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Israeli authorities deny families of 12 Palestinian prisoners entry into Israel

Aug. 8, 2016 6:08 P.M. (Updated: Aug. 9, 2016 11:21 A.M.)
RAMALLAH (Ma’an) -- Israeli authorities on Monday prevented the families of 12 Palestinian prisoners from entering to visit their incarcerated relatives held at the Beersheba prison complex in Israel’s Negev region, according to the Palestinian Committee of Prisoners’ Affairs.

Israeli forces also ripped the visitation permits of some of the Palestinian families at the Israeli checkpoints, the committee said in their statement.

The Israel Prison Service (IPS) has repeatedly denied family visitation for scores of Palestinian prisoners held in in prisons across the state of Israel, and some families have reported being held at Israeli checkpoints and forced to return their homes in the occupied territory, despite being granted visitation permits.

The committee has said such actions were part of a broader system of punitive measures imposed on Palestinian prisoners and their families, in what they said amounted to “collective punishment” on innocent civilians.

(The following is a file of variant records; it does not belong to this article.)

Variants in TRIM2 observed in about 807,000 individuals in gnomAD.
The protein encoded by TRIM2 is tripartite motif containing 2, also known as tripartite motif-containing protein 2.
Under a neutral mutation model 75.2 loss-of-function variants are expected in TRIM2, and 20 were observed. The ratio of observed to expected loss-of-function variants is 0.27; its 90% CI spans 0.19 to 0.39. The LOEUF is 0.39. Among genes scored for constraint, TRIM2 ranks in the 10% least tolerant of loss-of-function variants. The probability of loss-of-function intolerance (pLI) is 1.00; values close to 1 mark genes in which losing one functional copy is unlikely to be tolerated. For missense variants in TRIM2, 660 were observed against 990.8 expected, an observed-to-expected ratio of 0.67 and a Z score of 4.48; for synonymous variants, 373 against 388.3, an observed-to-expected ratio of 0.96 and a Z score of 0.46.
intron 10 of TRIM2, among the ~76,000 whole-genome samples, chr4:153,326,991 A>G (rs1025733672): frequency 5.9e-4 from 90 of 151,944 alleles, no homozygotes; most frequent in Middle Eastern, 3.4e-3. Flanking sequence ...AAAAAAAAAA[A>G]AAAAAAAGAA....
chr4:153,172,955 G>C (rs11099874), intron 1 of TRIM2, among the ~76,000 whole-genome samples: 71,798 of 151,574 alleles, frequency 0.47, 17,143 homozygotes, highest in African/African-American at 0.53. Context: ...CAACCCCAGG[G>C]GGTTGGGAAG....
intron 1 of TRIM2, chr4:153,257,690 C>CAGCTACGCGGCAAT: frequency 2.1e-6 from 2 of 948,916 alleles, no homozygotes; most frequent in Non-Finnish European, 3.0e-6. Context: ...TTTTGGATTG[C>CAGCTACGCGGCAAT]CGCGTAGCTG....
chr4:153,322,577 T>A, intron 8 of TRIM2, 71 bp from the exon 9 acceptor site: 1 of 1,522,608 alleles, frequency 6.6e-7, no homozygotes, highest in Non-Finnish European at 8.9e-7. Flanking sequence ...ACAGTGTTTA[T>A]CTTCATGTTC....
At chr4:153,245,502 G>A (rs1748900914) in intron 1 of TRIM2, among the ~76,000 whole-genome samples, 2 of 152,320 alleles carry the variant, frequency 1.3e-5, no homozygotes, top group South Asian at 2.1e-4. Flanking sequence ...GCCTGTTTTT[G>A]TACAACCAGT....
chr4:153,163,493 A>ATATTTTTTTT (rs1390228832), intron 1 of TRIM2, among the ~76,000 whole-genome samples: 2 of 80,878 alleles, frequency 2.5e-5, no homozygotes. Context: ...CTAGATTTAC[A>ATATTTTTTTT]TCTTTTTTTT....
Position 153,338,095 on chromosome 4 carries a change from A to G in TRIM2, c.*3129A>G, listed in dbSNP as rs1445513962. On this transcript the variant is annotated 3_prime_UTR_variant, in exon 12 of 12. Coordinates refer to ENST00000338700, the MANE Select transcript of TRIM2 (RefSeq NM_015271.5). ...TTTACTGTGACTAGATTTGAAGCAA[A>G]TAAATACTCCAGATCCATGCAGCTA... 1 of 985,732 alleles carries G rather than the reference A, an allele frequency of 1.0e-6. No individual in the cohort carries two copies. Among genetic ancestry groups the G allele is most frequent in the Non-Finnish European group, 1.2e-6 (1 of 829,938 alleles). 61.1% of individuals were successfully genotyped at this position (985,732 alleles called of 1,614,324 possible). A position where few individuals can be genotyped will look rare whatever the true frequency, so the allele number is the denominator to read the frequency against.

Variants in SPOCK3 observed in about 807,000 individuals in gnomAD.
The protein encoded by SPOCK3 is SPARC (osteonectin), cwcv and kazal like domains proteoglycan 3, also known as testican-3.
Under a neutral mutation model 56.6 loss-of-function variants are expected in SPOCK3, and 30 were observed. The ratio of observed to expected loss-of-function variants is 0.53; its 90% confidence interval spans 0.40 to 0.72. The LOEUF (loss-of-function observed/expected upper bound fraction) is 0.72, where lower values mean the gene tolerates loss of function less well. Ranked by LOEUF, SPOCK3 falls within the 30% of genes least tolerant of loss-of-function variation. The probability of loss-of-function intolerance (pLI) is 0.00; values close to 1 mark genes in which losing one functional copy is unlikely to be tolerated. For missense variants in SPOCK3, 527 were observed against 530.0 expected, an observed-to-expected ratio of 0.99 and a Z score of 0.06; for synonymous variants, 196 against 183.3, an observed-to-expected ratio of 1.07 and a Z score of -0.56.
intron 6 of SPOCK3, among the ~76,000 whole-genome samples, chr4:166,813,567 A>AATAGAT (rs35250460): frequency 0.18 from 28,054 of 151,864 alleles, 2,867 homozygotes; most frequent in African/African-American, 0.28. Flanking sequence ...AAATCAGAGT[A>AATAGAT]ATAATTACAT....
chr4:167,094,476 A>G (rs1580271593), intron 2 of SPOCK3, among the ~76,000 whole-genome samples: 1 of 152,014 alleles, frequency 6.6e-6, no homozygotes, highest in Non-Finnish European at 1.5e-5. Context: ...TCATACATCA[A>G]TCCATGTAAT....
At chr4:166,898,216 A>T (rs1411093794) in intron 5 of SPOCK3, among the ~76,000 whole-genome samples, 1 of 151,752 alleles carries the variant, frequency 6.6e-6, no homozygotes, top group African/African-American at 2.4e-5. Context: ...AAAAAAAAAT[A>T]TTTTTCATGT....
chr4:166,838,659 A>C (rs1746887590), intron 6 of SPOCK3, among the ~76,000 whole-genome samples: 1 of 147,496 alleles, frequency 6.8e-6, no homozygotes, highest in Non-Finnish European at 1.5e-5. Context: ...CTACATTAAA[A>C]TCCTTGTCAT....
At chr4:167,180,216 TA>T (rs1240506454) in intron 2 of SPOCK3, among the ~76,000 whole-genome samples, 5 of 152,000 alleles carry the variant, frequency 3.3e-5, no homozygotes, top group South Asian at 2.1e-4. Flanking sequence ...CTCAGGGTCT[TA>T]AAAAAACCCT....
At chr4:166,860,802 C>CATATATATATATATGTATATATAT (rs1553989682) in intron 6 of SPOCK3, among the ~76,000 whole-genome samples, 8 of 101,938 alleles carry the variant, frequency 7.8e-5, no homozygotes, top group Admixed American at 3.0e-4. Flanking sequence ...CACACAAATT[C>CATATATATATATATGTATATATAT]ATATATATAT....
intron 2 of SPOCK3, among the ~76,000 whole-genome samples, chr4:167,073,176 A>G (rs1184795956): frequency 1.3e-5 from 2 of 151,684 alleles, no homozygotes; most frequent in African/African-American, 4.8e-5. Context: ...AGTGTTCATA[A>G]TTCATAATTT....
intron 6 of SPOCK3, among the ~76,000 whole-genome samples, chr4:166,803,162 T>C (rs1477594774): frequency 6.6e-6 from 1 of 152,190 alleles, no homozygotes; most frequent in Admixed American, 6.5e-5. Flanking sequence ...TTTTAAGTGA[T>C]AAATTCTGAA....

They also urged the International Committee of the Red Cross (ICRC), which is responsible for arranging most family visits for Palestinian prisoners, to intervene and stop acts that violate humanitarian laws and the rights of the prisoners.

The incidents came amid widespread protest over the ICRC’s recent cuts to family visitations, reducing arranged visits for male Palestinian prisoners from two days a month to just one.

Since families of Palestinian prisoners often experience rejection or long-term delays of their permit applications to visit prisons in Israel, including incidents at checkpoints that prevent them from crossing even after they have been issued permits, Palestinians are heavily reliant on ICRC-arranged visitations as ICRC buses transport Palestinians to and from the prisons and act as an institutional medium between the families and Israeli authorities.
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